Beijing Youth Daily, one of the capital's major mass-circulation papers, reported on Tuesday that leading hotels in Beijing have resumed supplying disposable articles such as toothpaste, toothbrushes, razors, combs and slippers.
This means that they have turned their back on the pledge made at last year's launch of the "Green Hotel Campaign." And it's the second time that such a "campaign" has ended in failure, said the paper's report, pointing to a similar case in 2000.
As far as these failures are concerned, some hotels blamed the demands of their guests, while higher operating costs were to blame in other cases.
This may be true, but it also shows these hotels have not worked hard enough to fulfill their promise.
Going "green" is not a public relations tactic to lure customers, nor should it be a short-cut to reduce management costs.
It should not have been restricted to a "campaign," an operation or series of operations that only have a short-term goal. Going "green" should be more than this. It should become a way of life.
Hotels have a duty to take the lead.
In the past, the hotel business was considered a non-polluting industry. But in actual fact, the building of hotels and their operation in the country's booming tourism trade has already caused great concern by damaging the environment of many scenic areas.
Meanwhile, hotels have turned out to be major energy and water consumers and equally major generators of waste.
Beijing's star-rated hotels, of which there are more than 600, guzzle 80 per cent of the total electricity consumed by the hotel sector in the Chinese capital. Meanwhile, these hotels generate 4,000 tons of waste from disposable items and account for 10 per cent of the city's total water consumption.
As the number of tourists increases every year, their energy and water consumption as well as garbage production will continue to soar.
Hotels have an opportunity to contribute significantly to saving power and water and reducing waste generation when they adopt environmentally friendly practices.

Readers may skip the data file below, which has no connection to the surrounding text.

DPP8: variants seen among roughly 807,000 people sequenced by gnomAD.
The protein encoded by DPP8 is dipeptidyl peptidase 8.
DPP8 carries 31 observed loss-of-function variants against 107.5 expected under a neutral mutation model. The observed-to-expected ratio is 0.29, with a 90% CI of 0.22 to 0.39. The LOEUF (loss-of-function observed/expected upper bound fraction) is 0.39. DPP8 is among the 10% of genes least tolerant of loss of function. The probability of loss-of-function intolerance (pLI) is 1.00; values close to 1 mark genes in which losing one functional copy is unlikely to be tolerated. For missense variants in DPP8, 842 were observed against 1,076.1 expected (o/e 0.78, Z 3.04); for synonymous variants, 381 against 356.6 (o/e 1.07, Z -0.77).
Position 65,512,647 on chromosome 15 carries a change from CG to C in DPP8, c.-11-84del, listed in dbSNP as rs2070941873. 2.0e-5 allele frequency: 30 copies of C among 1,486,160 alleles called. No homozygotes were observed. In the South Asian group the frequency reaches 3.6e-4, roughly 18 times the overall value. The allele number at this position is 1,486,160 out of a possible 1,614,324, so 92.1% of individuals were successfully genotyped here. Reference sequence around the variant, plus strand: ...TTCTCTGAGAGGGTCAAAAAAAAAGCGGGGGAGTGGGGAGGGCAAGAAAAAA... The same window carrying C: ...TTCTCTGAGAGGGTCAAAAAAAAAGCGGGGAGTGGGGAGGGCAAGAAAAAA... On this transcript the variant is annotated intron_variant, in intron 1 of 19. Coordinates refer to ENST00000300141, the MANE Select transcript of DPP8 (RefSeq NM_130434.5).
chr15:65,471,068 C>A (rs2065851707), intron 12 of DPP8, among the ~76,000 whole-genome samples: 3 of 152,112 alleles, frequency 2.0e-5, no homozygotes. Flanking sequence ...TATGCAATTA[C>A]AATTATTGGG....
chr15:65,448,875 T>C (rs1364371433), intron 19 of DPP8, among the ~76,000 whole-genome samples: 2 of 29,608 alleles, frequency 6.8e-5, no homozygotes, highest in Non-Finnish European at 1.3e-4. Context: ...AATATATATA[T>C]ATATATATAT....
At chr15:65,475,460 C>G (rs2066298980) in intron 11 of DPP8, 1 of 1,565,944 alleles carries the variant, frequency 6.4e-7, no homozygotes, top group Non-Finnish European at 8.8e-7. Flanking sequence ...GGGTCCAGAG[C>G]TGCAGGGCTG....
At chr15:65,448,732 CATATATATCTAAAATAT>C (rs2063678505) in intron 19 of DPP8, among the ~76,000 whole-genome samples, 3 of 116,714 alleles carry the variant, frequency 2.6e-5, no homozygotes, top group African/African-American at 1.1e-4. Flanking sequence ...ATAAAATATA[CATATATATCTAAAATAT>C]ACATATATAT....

In fact, Beijing has assured the world that the 2008 Olympics will be "green." To this end, it has already announced specific guidelines for hoteliers to improve their infrastructure and installations.
By late April, 109 of Beijing's hotels had already signed "green" agreements with the Beijing Olympics' organizing committee.
Meanwhile, the China National Tourism Administration on March 23 issued the national standard for hotels that hope to call themselves "green," requiring them to promote recycling and reducing power and water consumption.
It will take time for all the people tourists included to embrace this ideal and change their way of life accordingly.
But hotels should not sit back and do nothing. And it is even worse when they abandon what they set off to do.
They have many ways to help their customers join the effort to go green.
For instance, they can place promotional leaflets in hotel rooms, helping their customers understand why they should use disposable items as sparingly as possible.
They should have persevered with the campaign and only distributed disposable items whenever customers specifically requested them.
Meanwhile, the media should not simply report the failure of hotels to keep their "green" promises as the fault of hoteliers and their customers.
They should call on the public especially every traveler to adopt a green way of travel, to help protect the earth upon which our livelihood depends.
(China Daily June 1, 2006)